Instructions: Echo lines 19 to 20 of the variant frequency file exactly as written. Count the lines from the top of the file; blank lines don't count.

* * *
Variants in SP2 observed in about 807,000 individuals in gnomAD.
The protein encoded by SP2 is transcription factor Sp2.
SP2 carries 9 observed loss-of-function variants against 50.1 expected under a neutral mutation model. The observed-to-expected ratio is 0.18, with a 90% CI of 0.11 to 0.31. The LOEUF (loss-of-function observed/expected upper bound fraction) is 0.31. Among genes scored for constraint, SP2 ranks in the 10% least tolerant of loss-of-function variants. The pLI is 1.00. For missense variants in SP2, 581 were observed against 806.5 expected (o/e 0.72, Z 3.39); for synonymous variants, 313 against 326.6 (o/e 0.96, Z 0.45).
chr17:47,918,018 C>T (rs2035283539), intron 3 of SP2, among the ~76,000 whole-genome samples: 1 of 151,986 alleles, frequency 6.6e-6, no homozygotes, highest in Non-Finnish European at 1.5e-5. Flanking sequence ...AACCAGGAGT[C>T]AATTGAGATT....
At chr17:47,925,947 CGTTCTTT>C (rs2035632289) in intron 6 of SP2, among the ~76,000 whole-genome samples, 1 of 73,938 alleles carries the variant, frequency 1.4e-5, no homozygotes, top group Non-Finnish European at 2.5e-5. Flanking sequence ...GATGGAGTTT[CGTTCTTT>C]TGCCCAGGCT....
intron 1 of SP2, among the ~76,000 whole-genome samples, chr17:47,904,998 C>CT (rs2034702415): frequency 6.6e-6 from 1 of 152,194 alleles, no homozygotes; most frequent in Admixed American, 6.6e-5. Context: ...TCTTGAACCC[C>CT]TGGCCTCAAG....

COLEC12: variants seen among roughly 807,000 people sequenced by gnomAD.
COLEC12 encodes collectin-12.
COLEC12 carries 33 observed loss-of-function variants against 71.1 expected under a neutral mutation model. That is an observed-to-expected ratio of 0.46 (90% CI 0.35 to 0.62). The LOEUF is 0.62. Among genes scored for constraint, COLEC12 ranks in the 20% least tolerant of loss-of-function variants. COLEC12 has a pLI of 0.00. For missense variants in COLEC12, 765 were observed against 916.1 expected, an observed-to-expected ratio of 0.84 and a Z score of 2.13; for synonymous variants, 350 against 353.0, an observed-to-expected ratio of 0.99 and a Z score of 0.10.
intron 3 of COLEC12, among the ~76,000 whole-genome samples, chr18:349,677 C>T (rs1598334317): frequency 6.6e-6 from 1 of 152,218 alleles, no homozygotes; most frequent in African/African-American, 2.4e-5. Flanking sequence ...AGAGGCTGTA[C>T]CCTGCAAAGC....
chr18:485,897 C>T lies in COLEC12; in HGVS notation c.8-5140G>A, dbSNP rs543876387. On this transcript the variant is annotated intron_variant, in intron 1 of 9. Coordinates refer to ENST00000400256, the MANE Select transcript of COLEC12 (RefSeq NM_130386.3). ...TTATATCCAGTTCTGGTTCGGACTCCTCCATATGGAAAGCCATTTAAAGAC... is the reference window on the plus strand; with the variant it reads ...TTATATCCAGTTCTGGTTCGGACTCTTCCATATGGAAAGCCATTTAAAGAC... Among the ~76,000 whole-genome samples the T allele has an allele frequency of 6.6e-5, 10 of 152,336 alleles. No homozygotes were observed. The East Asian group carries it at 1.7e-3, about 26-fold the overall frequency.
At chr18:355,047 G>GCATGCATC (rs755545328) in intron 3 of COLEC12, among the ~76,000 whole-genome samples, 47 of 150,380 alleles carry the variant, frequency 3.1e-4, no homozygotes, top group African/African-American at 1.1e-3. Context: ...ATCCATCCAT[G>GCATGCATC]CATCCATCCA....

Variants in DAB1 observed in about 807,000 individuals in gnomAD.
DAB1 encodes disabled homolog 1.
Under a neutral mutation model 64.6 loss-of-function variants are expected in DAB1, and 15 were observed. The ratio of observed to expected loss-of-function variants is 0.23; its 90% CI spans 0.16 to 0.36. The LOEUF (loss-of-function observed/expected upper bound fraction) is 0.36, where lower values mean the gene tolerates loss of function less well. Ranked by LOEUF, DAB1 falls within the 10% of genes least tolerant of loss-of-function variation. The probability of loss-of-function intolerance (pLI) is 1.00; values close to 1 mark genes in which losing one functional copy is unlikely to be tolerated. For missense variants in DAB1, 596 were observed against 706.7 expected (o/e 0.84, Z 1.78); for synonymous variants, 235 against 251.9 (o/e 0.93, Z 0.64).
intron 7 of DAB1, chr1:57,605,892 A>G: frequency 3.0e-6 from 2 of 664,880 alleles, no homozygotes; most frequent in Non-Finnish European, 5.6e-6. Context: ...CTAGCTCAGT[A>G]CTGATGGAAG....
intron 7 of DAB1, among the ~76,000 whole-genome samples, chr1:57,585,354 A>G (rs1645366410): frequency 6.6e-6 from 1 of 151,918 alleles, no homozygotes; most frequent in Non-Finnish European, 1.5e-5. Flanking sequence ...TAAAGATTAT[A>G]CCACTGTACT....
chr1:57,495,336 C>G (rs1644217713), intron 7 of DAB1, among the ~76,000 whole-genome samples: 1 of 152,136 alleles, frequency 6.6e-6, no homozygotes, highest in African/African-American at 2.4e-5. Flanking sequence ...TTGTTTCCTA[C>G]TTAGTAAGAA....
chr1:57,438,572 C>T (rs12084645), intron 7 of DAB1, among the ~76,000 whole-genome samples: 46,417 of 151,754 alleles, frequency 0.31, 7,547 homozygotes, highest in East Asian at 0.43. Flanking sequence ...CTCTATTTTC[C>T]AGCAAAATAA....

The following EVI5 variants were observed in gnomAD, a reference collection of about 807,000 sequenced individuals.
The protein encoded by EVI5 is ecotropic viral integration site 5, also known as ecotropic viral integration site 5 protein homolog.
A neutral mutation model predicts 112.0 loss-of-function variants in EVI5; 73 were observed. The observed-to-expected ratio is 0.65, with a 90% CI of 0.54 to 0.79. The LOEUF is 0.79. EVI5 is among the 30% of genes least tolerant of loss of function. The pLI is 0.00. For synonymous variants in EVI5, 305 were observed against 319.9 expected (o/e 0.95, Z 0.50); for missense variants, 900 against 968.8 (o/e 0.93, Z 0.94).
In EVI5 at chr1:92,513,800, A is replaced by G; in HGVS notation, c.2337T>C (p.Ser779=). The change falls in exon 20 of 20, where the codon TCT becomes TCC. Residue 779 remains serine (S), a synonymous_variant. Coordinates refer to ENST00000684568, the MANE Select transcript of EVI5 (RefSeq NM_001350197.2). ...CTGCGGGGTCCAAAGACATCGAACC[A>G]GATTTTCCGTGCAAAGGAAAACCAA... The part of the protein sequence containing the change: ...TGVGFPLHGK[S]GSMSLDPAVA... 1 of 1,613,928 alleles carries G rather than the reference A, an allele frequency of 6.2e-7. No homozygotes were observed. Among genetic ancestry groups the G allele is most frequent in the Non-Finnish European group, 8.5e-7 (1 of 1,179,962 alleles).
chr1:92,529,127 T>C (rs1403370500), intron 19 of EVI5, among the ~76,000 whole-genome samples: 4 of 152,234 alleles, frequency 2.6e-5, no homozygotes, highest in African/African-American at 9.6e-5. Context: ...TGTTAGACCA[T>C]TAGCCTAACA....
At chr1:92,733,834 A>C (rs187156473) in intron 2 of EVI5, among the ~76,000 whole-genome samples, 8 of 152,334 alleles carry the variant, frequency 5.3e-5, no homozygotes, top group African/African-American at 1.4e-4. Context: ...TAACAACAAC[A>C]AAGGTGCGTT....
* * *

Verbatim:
chr1:57,438,572 C>T (rs12084645), intron 7 of DAB1, among the ~76,000 whole-genome samples: 46,417 of 151,754 alleles, frequency 0.31, 7,547 homozygotes, highest in East Asian at 0.43. Flanking sequence ...CTCTATTTTC[C>T]AGCAAAATAA....

The following EVI5 variants were observed in gnomAD, a reference collection of about 807,000 sequenced individuals.